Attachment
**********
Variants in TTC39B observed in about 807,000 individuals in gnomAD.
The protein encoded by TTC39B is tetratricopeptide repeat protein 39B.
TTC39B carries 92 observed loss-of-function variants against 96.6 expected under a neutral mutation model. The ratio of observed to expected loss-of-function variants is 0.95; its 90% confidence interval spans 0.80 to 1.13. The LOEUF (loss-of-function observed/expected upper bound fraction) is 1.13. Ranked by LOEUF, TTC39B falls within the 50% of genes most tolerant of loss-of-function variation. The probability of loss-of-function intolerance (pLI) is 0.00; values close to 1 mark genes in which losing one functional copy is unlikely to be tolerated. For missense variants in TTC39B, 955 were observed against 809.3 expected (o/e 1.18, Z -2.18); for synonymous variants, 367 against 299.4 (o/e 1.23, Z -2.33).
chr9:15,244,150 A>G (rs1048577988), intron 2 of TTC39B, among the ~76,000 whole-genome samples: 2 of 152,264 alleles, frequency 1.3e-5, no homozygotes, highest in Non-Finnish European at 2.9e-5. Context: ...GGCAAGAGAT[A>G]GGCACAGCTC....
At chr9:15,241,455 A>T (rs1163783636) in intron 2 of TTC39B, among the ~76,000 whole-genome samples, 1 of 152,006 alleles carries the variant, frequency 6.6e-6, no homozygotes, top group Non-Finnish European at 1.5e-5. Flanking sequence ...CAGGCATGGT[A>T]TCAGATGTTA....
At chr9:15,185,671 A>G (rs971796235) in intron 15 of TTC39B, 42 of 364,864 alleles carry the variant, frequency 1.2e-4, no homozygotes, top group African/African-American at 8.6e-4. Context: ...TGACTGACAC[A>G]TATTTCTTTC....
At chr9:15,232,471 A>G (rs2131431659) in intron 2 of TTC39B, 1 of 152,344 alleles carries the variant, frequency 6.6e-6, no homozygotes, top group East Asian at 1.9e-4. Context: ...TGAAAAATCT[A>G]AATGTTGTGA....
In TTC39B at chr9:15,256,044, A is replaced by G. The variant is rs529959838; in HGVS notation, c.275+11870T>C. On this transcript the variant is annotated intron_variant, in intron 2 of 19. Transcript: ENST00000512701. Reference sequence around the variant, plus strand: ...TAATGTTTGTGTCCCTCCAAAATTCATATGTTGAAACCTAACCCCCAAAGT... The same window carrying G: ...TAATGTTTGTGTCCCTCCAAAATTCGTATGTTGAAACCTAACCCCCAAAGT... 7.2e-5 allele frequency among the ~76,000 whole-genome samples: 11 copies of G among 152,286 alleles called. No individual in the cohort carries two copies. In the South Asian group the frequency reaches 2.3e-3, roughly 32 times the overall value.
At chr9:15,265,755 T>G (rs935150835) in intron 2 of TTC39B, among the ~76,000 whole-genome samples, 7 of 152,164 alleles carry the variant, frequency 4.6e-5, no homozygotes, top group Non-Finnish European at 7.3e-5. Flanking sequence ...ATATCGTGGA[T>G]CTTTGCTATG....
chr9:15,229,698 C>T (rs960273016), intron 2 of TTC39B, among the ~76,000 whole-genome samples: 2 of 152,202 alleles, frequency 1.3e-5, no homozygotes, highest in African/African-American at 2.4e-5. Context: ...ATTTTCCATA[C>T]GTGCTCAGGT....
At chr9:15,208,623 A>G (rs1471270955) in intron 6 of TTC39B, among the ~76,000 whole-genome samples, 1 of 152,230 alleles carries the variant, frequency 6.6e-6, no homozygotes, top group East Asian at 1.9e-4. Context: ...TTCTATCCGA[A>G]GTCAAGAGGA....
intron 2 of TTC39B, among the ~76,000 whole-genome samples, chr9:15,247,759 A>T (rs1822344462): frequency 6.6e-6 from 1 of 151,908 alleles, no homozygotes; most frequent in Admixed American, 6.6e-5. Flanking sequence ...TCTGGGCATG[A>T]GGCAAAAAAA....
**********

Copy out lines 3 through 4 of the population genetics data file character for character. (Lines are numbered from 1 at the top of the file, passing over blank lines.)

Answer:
TTC39B carries 92 observed loss-of-function variants against 96.6 expected under a neutral mutation model. The ratio of observed to expected loss-of-function variants is 0.95; its 90% confidence interval spans 0.80 to 1.13. The LOEUF (loss-of-function observed/expected upper bound fraction) is 1.13. Ranked by LOEUF, TTC39B falls within the 50% of genes most tolerant of loss-of-function variation. The probability of loss-of-function intolerance (pLI) is 0.00; values close to 1 mark genes in which losing one functional copy is unlikely to be tolerated. For missense variants in TTC39B, 955 were observed against 809.3 expected (o/e 1.18, Z -2.18); for synonymous variants, 367 against 299.4 (o/e 1.23, Z -2.33).
chr9:15,244,150 A>G (rs1048577988), intron 2 of TTC39B, among the ~76,000 whole-genome samples: 2 of 152,264 alleles, frequency 1.3e-5, no homozygotes, highest in Non-Finnish European at 2.9e-5. Context: ...GGCAAGAGAT[A>G]GGCACAGCTC....